Review: Crypt Sermon – The Ruins of Fading Light


Label: Dark Descent Records

It’s pretty clear from the first moments of The Ruins of Fading Light that Crypt Sermon aren’t a band who are looking to reinvent their chosen genre. Theirs is a style of doom that follows the path set down long ago by the likes of Candlemass and Solitude Aeturnus, with melodically infused leads and muscular riffs providing the backdrop for epic vocals and dark tales. Anyone looking for innovation in their metal won’t find it here; but what will be found instead is an album filled with spirit and passion, that wins through sheet force of personality and strong song-writing.

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Review: Several Wives – Göldi fell


Label: Gizeh Records

Göldi fell is, put simply, the soundtrack to A Very Bad Time. The latest album from Several Wives is one of the most unsettling pieces of dark ambient I have had the (mis)pleasure of hearing in quite some time. Thick with ominous atmosphere and a sense of dread that is never far away, this is the music that plays when you’re alone at night in an unfamiliar house, grappling with demons both real and imaginary; of returning to your childhood home and finding the dimensions being somehow off; of a sense of wrongness that goes beyond the physical. As all this might imply, it’s also a very impressive piece of work, that leaves a long-lasting impression.

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Review: Clouds Collide – They Don’t Sleep Anymore


Label: War Crime Recordings

Crossing genre lines as if they don’t exist, They Don’t Sleep Anymore is an intensely personal album. The latest Clouds Collide release pulls from post-black metal, post-rock, post-hardcore, post-punk, and shoegaze, They Don’t Sleep Anymore is – as that collection of reference points may imply – a sprawling, spacious, emotionally-laden album that isn’t too often musically heavy, but certainly is emotionally. As with previous Clouds Collide releases, it draws heavily from sole member Chris Pandolfo’s personal life; in this instance, dealing with a longing for the past, finding your sense of self in the present, and how you cope with that as you move forward in to the future. Whilst this could have easily made for an album that is difficult to listen to, instead They Don’t Sleep Anymore is remarkably cathartic, with its universal themes and gorgeous music granting it a surprising accessibility.

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Review: No One Knows What the Dead Think – No One Knows What the Dead Think (self-titled)


Label: Willowtip Records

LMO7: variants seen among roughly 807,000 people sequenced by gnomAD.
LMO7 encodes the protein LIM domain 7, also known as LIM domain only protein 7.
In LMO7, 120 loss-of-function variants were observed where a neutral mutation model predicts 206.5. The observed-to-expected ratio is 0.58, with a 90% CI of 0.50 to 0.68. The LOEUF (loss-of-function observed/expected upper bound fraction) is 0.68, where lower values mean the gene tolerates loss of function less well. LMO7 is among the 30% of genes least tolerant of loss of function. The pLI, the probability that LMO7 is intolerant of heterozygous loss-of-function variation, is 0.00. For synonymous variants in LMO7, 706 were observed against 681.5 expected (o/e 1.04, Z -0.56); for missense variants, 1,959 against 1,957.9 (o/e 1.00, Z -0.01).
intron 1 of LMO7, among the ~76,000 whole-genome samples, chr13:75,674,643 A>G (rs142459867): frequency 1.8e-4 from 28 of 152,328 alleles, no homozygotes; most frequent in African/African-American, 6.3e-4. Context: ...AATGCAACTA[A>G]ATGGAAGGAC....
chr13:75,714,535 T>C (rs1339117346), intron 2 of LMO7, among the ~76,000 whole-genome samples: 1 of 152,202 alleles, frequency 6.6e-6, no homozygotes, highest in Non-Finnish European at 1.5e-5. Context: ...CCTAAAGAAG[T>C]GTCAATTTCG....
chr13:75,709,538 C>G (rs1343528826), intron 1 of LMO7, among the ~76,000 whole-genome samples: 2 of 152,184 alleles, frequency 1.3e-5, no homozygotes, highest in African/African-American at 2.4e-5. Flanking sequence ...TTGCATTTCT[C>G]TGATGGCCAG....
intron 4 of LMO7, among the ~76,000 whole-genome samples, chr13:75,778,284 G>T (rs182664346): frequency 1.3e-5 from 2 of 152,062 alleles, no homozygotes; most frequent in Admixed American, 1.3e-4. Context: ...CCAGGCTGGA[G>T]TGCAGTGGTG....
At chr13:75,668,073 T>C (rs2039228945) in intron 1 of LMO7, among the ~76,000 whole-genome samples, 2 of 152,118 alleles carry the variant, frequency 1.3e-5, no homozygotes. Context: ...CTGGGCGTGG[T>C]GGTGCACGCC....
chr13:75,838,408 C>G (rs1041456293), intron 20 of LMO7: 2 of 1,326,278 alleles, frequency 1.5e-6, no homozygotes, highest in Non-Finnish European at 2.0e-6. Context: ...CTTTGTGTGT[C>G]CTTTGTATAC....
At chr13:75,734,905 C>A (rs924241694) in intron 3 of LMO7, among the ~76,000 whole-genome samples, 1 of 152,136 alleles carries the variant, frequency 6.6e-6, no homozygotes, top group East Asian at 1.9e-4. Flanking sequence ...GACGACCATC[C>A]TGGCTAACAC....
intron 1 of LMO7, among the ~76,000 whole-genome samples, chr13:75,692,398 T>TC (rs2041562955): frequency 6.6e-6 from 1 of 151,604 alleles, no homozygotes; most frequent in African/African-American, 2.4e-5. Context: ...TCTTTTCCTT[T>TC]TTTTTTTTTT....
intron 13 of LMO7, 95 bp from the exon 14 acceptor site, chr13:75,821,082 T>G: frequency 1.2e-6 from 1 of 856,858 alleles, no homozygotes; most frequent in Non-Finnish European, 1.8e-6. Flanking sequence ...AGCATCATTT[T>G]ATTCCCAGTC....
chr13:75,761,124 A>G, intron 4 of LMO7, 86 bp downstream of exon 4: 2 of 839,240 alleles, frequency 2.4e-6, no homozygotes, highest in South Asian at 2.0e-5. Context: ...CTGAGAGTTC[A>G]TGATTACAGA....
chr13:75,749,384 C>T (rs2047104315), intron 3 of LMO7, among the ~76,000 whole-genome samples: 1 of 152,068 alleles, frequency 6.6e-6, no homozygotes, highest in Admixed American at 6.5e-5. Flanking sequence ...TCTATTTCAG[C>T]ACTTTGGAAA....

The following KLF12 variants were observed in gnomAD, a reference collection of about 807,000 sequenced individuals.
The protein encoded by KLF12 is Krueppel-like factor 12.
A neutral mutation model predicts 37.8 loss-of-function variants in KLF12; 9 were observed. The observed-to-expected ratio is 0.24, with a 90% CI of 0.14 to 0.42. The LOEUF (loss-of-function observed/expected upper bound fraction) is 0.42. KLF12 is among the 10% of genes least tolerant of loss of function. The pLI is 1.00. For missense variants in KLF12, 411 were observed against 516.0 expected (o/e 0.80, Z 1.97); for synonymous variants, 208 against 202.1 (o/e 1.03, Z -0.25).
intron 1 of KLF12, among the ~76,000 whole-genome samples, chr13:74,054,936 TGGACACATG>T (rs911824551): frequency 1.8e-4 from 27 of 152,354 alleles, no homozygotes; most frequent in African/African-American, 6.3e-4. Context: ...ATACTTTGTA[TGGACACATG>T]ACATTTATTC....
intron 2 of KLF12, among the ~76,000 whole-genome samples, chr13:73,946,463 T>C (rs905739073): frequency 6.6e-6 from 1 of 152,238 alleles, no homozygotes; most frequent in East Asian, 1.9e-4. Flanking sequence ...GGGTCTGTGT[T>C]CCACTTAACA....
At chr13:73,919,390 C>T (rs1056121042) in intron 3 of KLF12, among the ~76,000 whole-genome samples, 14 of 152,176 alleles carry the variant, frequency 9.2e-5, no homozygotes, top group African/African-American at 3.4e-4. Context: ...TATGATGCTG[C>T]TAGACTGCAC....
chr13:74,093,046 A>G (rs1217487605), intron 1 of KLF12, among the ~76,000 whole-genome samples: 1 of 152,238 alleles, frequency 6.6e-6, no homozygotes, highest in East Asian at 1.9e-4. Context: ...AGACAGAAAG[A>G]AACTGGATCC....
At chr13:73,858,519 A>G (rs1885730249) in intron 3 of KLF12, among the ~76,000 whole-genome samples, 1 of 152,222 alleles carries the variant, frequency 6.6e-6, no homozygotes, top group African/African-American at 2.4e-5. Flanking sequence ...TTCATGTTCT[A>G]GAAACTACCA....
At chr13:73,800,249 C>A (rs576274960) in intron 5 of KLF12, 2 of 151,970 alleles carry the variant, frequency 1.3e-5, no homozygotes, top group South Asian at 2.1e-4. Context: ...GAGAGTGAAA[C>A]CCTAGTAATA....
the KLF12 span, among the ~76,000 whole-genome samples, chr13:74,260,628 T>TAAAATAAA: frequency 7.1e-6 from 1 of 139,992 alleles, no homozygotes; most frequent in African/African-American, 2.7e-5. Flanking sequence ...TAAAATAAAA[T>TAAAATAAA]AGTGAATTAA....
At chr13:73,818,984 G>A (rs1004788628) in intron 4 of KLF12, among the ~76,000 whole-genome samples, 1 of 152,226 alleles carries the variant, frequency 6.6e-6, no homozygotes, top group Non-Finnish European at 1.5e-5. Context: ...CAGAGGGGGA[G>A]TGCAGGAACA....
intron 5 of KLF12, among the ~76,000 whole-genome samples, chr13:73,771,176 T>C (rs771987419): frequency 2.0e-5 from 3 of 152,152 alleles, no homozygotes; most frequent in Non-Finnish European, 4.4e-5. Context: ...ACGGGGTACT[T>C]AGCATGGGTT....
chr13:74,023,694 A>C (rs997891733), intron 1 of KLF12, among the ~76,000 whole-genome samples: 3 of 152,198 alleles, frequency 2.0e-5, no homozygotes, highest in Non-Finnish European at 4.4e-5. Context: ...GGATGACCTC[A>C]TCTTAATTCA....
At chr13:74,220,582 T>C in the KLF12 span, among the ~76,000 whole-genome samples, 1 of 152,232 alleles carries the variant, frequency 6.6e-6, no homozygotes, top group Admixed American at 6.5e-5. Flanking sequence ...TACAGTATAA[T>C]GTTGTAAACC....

The press pack for the self-titled album from No One Knows What the Dead Think describes their music as “bullet hell grind”, and it’s a wonderfully accurate term. Bullet hell games, for those unfamiliar with the term, are shoot ’em up games where the focus is on what initially appears to be an overwhelming number of enemies and projectiles, to be avoided through precise maneuvers and practice. As those familiar with the bands members were previously involved in – chiefly, Discordance Axis and Gridlink – can attest to, it’s an apt description. No One Knows What the Dead Think might seem immense, with an intensity comparable to those video games, but like them, there is a flow and thread to the album that reveals itself over time.

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Review: Nightfucker – Nightfucker (self-titled)



Label: Sentient Ruin Laboratories / Rope or Guillotine

The idea of slow and heavy doom that sounds as if it was dragged backwards through a tar-pit, half dead and choking on its own blood, is hardly a new one – and it’s fair to say that Nightfucker aren’t looking to re-invent the feeling that such blackened, ultra-heavy doom can bring. Indeed, given that they contain guitarist Dominic Finbow, formerly of UK doom legends Moss, there’s considerable pedigree here in that expressing particular strand of desolation. Nightfucker is self-oblivion in sonic form, the sound of repulsion directed inwards, full of loathing and disgust, and it sounds as crushingly bleak and thrilling as ever.

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Review: Malfet – The Way to Avalon


Label: Pacific Threnodies

Dungeon synth can be a misleadingly-named genre. The very name itself invokes mental images of, well, dungeons – dark, decrepit, and generally unpleasant places to visit. Yet the opposite is true of The Way to Avalon, from solo artist Malfet. Rather than being dark, ominous, or any of the other adjectives often associated with dungeon synth, this album is bright, spacious, and hopeful. It is a gloriously beautiful album, that invokes images of pastoral lands and a connection with nature and the living environment that is almost entirely lost in the modern world.

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Review: Aphrodite – Lust and War


Label: Fighter Records

Speed metal doesn’t need to be flashy to work. The genre’s often at its best when bands stick to the basics, focusing on the quality of riffs, blistering solos, and – most importantly – being able to put across a sense of excitement and energy. When judged against such criteria, Canadians Aphrodite absolutely kill it on Lust and War. The trio have created an album of incredible speed and passion, that’s a little bit rough and ready, but this only adds to its charms. It’s an exemplar of what the genre aims for, and is almost impossible to resist.

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